Posted by: noticeable | December 15, 2007

I don’t trust this government

The following is reproduced from Bitterlemons:

I don’t trust this government

an interview with Ahmed Tibi (deputy speaker of the Knesset and a leader of the Arab Movement for Change)

bitterlemons: How do you assess the prospects for an Israeli-Palestinian peace process following the Annapolis summit?

Tibi: Nothing surprising has occurred. From the very beginning we knew we are only initiating final status negotiations thanks to international involvement. This is not much more than a step in the right direction. There were no negotiations in Annapolis and that’s why I believe it was a non-event. Things in the Middle East are relative and that’s why some Palestinian leaders look positively on the agreement to initiate final status negotiations, but on the ground the Palestinians’ hard life, suffering and humiliation has not been relieved.

That the international community is accompanying this process is also a positive thing. But the withdrawal of the Israeli government from Olmert’s original intent to talk seriously about core issues such as Jerusalem, refugees, borders and settlements is a negative development that reflects coalition considerations.

bitterlemons: From 1993 to 1999 you were an adviser to Yasser Arafat. Can you compare then and now in terms of the possibility of an Israeli-Palestinian peace process?

Tibi: I took part in the Madrid conference and was a spokesman for the Palestinian delegation at Wye River. There and at Camp David we had negotiations; here we have a startup. So I’m not optimistic that we’ll settle the final status issues by the end of 2008. If [Prime Minister Ehud] Olmert can’t convince his defense minister, Ehud Barak, to remove roadblocks, I’m not sure he’ll be able to convince his coalition to go forward on the core issues.

As for the comparison between Arafat and Abu Mazen [Mahmoud Abbas], no two people are alike. Arafat was a symbol and was charismatic; Abu Mazen is chairman of the PLO and president of the PA, he is authorized to negotiate and is capable. If the vision of two states collapses, the international community will press for a bi-national state.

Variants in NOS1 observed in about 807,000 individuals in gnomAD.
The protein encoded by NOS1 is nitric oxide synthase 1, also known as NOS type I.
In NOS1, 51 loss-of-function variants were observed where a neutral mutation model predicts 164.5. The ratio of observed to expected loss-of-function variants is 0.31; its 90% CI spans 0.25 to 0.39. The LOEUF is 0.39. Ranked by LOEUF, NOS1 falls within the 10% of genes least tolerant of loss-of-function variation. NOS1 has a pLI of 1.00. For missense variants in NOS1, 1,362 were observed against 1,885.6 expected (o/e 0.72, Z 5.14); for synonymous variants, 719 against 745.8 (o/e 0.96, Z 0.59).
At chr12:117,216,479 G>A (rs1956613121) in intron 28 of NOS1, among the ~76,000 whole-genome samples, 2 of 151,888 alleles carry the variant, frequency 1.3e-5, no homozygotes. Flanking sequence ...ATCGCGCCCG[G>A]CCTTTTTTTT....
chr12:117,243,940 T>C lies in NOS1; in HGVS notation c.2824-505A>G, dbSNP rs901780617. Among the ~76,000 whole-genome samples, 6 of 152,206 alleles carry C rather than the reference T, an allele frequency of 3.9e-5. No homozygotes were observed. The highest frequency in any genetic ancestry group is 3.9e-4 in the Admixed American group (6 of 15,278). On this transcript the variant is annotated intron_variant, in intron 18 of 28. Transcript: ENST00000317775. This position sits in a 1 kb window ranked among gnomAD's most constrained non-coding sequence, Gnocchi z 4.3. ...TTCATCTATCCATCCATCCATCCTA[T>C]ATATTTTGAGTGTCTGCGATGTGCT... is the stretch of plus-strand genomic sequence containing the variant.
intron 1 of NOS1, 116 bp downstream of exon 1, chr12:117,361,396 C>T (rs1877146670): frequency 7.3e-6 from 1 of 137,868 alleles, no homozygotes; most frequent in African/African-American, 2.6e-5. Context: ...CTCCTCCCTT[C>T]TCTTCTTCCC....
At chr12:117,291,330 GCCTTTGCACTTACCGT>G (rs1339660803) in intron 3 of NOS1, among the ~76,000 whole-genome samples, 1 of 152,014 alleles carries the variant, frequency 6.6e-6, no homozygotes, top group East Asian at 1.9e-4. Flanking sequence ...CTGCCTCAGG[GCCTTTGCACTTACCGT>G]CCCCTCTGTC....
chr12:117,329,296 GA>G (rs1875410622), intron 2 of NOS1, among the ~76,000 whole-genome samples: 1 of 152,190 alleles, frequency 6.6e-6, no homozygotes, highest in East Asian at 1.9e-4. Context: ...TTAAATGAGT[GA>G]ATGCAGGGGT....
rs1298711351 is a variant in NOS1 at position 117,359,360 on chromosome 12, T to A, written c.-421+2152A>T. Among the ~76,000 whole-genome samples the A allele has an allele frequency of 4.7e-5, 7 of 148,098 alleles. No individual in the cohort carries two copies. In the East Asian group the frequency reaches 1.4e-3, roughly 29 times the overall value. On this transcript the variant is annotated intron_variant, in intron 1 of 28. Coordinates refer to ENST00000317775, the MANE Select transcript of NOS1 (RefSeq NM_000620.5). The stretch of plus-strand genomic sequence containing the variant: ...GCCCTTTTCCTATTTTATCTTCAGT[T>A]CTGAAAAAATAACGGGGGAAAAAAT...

bitterlemons: In Arafat’s day the Palestinian citizens of Israel were perceived as a bridge to peace between Israel and the Palestinians. Have they now become part of the problem rather than part of the solution?

Tibi: Nobody is dealing with us as a bridge today. The statements of Deputy PM [Avigdor] Lieberman and Foreign Minister Tzipi Livni, talking about the Palestinian state as the national solution for the Palestinian citizens of Israel, are creating a problem. They place question marks over the policy of this government toward the Arab minority in Israel. Those ministers behave toward us as non-citizens who can be moved about like chess pieces. We can’t accept that. We want our national identity in parallel to our citizenship, to give it real content. Meanwhile Livni is willing to tell Arab citizens, you can move if you wish to an independent Palestinian state. This is not the way a government should deal with its citizens. We are not immigrants to this county, Lieberman is. We are indigenous.

bitterlemons: The position papers and draft constitutions published during the past year by mainstream groups of Palestinian citizens of Israel, rejecting Israel‘s identity as a Jewish state, are cited as having contributed to attitudes like that expressed by Livni.

Tibi: I’m not sure this was the trigger for her position. Livni comes from the Likud; she’s originally a rightist. I’m not sure her ideology changed on the way from the Likud to Kadima. There is no trust between the Jewish majority and the Arab minority in Israel. Arabs are being treated as enemies, not as core citizens. They are marginalized. The definition of Israel as a Jewish state is perceived as deepening discrimination against non-Jews. Both the majority and minority in Israel have a responsibility to repair relations, but the majority has more tools to do this. Instead we are neglected and pushed away. Look what is going on in the Knesset with anti-Arab legislation.

bitterlemons: For Olmert to succeed in a peace process, he may need the support of some or all of the 10 members of Knesset who represent Arab parties. Would you join his coalition if the issue ever came up?

Tibi: No, we don’t support any coalition. We support a positive peace process. Here we mean my Knesset faction with its four mandates, but also in general the majority of the 10 members of Knesset. If there is any move toward withdrawal from occupied territories or a genuine peace process, we will not be an obstacle. I won’t let Lieberman bring down the coalition. If my vote becomes the deciding one, I will support a peace process.

bitterlemons: But suppose you were invited to join or officially support the coalition.

Tibi: The constellation is possible, yet I don’t trust this government as willing to go forward.

bitterlemons: Are the Arab members of Knesset trying to mediate in the dispute between Fateh and Hamas?

Tibi: We tried to do so two months ago. We met with Abu Mazen and tried to meet with Hamas in Gaza but were forbidden to enter the Gaza Strip by the [Israel] Defense Ministry. The [Hamas-Fateh] split is causing real damage to the Palestinian cause. I cannot accept the situation created by the military coup in Gaza. We should return to the status quo ante.- Published 10/12/2007 (c)

Ahmed Tibi is deputy speaker of the Knesset and a leader of the Arab Movement for Change. He has been a member of Knesset since 1999.


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